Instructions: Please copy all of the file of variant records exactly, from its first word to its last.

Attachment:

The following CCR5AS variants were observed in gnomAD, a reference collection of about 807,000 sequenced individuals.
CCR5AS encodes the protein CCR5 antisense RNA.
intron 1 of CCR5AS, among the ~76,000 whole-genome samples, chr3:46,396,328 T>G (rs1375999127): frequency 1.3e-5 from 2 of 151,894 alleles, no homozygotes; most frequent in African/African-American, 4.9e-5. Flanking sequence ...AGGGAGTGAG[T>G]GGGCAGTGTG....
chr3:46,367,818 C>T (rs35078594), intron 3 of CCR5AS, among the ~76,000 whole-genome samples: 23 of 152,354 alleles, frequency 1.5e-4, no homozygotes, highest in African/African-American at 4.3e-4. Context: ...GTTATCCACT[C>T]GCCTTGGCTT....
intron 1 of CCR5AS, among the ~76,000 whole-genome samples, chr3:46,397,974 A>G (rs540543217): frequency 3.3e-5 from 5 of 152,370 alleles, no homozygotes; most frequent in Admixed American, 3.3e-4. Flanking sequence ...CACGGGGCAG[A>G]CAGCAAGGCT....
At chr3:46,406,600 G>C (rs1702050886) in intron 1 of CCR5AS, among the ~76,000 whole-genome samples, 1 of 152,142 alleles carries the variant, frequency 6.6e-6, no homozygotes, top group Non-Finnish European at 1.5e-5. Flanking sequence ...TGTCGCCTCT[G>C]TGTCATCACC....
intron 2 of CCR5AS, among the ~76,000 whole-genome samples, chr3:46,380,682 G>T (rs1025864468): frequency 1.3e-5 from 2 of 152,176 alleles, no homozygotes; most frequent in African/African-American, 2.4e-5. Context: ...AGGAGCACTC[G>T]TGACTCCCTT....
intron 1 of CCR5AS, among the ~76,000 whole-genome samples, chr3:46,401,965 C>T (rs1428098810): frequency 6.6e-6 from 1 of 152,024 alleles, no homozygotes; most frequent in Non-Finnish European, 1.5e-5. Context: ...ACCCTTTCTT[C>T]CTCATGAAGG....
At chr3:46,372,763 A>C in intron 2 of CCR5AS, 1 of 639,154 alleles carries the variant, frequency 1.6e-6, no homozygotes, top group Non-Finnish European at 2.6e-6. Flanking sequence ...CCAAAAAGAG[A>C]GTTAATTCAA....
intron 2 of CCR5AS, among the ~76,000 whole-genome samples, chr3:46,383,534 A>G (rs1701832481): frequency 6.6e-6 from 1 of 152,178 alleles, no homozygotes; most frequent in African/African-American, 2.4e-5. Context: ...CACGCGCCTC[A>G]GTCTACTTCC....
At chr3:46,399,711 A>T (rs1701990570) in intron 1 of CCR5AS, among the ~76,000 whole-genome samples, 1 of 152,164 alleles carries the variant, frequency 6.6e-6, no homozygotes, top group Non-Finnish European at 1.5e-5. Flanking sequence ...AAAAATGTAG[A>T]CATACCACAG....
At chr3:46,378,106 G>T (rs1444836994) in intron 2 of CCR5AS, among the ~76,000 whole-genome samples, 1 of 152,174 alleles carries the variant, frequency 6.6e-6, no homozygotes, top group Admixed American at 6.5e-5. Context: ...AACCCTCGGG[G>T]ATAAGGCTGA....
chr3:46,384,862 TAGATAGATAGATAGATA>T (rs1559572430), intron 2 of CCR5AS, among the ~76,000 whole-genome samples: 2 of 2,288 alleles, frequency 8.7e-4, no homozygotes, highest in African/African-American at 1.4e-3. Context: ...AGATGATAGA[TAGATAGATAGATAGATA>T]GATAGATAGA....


The following CCR5AS variants were observed in gnomAD, a reference collection of about 807,000 sequenced individuals.
CCR5AS encodes the protein CCR5 antisense RNA.
intron 1 of CCR5AS, among the ~76,000 whole-genome samples, chr3:46,396,328 T>G (rs1375999127): frequency 1.3e-5 from 2 of 151,894 alleles, no homozygotes; most frequent in African/African-American, 4.9e-5. Flanking sequence ...AGGGAGTGAG[T>G]GGGCAGTGTG....
chr3:46,367,818 C>T (rs35078594), intron 3 of CCR5AS, among the ~76,000 whole-genome samples: 23 of 152,354 alleles, frequency 1.5e-4, no homozygotes, highest in African/African-American at 4.3e-4. Context: ...GTTATCCACT[C>T]GCCTTGGCTT....
intron 1 of CCR5AS, among the ~76,000 whole-genome samples, chr3:46,397,974 A>G (rs540543217): frequency 3.3e-5 from 5 of 152,370 alleles, no homozygotes; most frequent in Admixed American, 3.3e-4. Flanking sequence ...CACGGGGCAG[A>G]CAGCAAGGCT....
At chr3:46,406,600 G>C (rs1702050886) in intron 1 of CCR5AS, among the ~76,000 whole-genome samples, 1 of 152,142 alleles carries the variant, frequency 6.6e-6, no homozygotes, top group Non-Finnish European at 1.5e-5. Flanking sequence ...TGTCGCCTCT[G>C]TGTCATCACC....
intron 2 of CCR5AS, among the ~76,000 whole-genome samples, chr3:46,380,682 G>T (rs1025864468): frequency 1.3e-5 from 2 of 152,176 alleles, no homozygotes; most frequent in African/African-American, 2.4e-5. Context: ...AGGAGCACTC[G>T]TGACTCCCTT....
intron 1 of CCR5AS, among the ~76,000 whole-genome samples, chr3:46,401,965 C>T (rs1428098810): frequency 6.6e-6 from 1 of 152,024 alleles, no homozygotes; most frequent in Non-Finnish European, 1.5e-5. Context: ...ACCCTTTCTT[C>T]CTCATGAAGG....
At chr3:46,372,763 A>C in intron 2 of CCR5AS, 1 of 639,154 alleles carries the variant, frequency 1.6e-6, no homozygotes, top group Non-Finnish European at 2.6e-6. Flanking sequence ...CCAAAAAGAG[A>C]GTTAATTCAA....
intron 2 of CCR5AS, among the ~76,000 whole-genome samples, chr3:46,383,534 A>G (rs1701832481): frequency 6.6e-6 from 1 of 152,178 alleles, no homozygotes; most frequent in African/African-American, 2.4e-5. Context: ...CACGCGCCTC[A>G]GTCTACTTCC....
At chr3:46,399,711 A>T (rs1701990570) in intron 1 of CCR5AS, among the ~76,000 whole-genome samples, 1 of 152,164 alleles carries the variant, frequency 6.6e-6, no homozygotes, top group Non-Finnish European at 1.5e-5. Flanking sequence ...AAAAATGTAG[A>T]CATACCACAG....
At chr3:46,378,106 G>T (rs1444836994) in intron 2 of CCR5AS, among the ~76,000 whole-genome samples, 1 of 152,174 alleles carries the variant, frequency 6.6e-6, no homozygotes, top group Admixed American at 6.5e-5. Context: ...AACCCTCGGG[G>T]ATAAGGCTGA....
chr3:46,384,862 TAGATAGATAGATAGATA>T (rs1559572430), intron 2 of CCR5AS, among the ~76,000 whole-genome samples: 2 of 2,288 alleles, frequency 8.7e-4, no homozygotes, highest in African/African-American at 1.4e-3. Context: ...AGATGATAGA[TAGATAGATAGATAGATA>T]GATAGATAGA....